KEARNEY — It might be some time before researchers find out whether a 19th century outlaw is buried in a northwest Missouri family plot, after a planned exhumation was indefinitely postponed when investigators could not determine which of four remains found there should be tested.
Researchers want to determine if Clell Miller, who rode with Jesse James in the 1870s, is buried in the Miller family plot in Muddy Fork Cemetery in Kearney. An exhumation was scheduled for Oct. 8.
But the Jackson County medical examiner's office recently confirmed — using ground-penetrating radar — that four people are buried there, and they couldn't determine which of the graves held Miller's remains.
Researchers want to take DNA from what was thought to be Miller's grave to see if they match a descendant. They hope that would determine whether Miller was buried in Kearney or if his skeleton was kept by the man who fatally shot him in 1876 during a botched robbery in Northfield, Minn.
"Clell Miller, or whomever it may be, is buried next to three other members of the Miller family and the graves are clearly marked, and over the years the headstones have been vandalized and may not been accurately replaced," according to court papers filed by the office of Clay County Prosecutor Daniel L. White.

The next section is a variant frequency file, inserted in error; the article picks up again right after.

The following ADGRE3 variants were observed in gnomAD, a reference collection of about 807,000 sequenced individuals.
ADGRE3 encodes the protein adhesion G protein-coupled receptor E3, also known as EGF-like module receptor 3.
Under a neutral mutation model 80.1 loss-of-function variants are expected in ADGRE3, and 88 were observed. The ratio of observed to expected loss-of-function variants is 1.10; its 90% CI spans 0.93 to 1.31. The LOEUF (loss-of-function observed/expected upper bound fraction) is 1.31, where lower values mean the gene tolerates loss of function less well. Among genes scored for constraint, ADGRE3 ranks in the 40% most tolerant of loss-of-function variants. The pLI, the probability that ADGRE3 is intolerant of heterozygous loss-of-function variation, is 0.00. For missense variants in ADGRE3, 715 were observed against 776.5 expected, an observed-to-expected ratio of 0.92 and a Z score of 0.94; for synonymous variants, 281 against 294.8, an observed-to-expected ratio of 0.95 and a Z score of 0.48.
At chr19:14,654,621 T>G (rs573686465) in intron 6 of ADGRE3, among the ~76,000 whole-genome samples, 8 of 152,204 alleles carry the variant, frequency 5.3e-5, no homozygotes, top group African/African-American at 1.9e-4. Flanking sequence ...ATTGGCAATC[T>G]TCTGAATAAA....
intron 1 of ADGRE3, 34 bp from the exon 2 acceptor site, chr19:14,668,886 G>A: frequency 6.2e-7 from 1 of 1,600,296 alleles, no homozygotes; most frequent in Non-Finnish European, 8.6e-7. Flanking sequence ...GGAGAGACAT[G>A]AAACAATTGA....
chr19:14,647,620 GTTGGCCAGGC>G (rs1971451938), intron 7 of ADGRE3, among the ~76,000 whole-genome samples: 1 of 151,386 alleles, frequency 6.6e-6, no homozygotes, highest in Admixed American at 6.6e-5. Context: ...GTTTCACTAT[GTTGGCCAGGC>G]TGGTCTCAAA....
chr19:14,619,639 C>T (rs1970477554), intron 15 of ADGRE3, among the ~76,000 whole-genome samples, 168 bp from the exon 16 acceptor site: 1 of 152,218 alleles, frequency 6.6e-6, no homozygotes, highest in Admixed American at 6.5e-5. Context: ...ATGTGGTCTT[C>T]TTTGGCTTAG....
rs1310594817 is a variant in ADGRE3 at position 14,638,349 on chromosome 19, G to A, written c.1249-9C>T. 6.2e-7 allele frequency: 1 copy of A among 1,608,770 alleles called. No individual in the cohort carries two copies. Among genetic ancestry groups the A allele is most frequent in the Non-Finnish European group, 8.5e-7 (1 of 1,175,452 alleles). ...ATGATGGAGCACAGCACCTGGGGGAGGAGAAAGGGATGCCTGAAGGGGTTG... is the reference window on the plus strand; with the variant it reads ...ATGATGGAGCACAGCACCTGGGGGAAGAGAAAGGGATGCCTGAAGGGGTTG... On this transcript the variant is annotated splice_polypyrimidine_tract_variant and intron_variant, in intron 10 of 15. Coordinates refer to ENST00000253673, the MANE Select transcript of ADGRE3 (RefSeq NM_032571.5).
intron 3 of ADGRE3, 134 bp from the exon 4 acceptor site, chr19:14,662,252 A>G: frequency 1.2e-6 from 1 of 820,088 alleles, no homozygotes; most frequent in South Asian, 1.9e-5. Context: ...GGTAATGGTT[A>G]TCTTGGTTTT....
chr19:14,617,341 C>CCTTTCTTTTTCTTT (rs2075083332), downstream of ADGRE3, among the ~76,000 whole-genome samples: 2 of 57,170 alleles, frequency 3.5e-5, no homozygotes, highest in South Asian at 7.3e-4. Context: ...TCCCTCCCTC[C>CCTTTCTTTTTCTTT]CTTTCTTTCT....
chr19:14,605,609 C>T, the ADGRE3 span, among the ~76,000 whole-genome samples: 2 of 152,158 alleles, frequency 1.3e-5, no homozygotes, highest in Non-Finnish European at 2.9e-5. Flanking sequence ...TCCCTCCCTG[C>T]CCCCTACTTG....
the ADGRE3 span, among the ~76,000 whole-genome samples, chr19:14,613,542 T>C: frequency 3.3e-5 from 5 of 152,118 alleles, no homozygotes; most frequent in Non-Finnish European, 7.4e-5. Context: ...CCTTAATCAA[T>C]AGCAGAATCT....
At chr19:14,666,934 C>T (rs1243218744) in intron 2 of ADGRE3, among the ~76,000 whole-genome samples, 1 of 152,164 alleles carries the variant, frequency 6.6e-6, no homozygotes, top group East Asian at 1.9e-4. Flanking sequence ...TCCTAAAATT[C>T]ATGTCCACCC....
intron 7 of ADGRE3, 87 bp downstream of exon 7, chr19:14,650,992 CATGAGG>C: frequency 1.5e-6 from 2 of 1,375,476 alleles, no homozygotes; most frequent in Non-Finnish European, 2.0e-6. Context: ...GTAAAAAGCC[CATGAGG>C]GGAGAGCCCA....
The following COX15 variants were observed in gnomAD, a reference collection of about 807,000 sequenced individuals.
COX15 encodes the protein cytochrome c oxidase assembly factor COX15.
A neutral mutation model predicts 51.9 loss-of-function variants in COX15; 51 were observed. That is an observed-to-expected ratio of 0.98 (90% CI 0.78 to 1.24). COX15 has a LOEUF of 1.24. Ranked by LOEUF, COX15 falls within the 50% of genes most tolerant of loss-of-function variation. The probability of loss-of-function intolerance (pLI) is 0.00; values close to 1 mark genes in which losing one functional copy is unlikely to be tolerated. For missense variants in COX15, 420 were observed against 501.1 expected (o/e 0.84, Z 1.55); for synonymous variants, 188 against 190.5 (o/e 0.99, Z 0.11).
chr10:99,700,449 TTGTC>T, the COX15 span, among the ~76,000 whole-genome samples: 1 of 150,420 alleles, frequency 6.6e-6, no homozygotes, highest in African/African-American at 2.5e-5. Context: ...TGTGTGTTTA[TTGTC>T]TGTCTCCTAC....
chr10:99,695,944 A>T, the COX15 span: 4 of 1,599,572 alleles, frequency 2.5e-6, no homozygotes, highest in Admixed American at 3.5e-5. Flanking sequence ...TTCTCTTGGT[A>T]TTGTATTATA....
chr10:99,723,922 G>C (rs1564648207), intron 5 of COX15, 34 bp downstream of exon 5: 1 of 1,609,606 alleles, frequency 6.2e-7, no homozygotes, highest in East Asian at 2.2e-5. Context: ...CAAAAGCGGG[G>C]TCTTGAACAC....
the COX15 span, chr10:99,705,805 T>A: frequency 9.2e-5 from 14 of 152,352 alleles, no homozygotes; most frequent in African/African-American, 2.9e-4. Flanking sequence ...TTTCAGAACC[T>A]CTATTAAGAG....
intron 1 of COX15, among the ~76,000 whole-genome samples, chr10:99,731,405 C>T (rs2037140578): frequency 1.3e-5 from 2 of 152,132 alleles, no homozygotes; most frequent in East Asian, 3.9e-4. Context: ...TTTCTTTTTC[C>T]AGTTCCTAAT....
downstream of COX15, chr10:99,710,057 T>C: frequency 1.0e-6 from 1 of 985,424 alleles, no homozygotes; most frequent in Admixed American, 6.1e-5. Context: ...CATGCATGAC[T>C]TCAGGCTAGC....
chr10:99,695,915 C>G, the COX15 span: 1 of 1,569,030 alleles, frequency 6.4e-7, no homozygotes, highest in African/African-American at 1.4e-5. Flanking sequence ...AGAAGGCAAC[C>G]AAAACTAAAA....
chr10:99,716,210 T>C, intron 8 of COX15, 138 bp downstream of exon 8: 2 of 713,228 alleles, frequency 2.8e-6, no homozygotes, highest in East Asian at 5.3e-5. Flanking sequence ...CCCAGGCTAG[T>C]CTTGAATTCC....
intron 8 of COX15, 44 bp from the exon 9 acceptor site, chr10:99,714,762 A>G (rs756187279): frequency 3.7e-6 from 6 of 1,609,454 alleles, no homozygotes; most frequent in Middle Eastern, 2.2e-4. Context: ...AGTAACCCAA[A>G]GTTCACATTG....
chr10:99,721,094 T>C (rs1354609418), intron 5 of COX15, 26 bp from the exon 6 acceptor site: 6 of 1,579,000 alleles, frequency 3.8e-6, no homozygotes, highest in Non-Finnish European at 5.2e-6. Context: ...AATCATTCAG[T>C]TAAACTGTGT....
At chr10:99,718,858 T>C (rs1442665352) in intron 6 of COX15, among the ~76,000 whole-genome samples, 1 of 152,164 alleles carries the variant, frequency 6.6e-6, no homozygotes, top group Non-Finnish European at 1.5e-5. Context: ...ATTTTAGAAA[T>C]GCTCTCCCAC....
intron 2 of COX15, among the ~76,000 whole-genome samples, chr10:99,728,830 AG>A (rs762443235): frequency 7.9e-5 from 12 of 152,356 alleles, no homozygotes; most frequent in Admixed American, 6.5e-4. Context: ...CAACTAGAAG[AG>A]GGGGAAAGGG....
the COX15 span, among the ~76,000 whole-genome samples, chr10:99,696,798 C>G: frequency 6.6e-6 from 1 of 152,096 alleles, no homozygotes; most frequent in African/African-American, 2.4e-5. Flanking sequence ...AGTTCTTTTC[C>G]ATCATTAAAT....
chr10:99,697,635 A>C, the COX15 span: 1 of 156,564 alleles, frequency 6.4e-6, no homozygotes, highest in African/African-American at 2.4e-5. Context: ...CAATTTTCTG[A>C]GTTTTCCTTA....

Circuit Judge A. Rex Gabbert agreed to White's request to vacate his order allowing the exhumation until the medical examiner's office can identify the right grave, The Kansas City Star reported Tuesday.
James Bailey, a retired Minnesota State University-Mankato law enforcement professor who led the efforts to identify the remains, said he was disappointed.
"We were ready and we had everybody in place to do the exhumation," Bailey said. "With the right technology, we could have answered a lot of questions."
For decades, family members believed Miller's body was returned to Missouri and buried at Muddy Fork. But the medical student who shot Miller claimed he kept the skeleton and displayed it in his North Dakota office. A researcher who was searching for the weapon that killed Miller found the skeleton in 2010.
In April, Miller's relatives and a group of forensic researchers asked Jackson County Medical Examiner Mary H. Dudley, who also works for Clay County, to petition Clay County authorities to exhume the body. White filed the request in August.
Forensic experts from Virginia were scheduled to help exhume and examine the remains. They intended to collect samples for DNA tests from the femur and hair and a molar. Bailey said any future exhumation would require reorganizing the team of forensic researchers, who would have done the work at no cost to Clay County. But he said that won't happen unless Dudley reopens the case.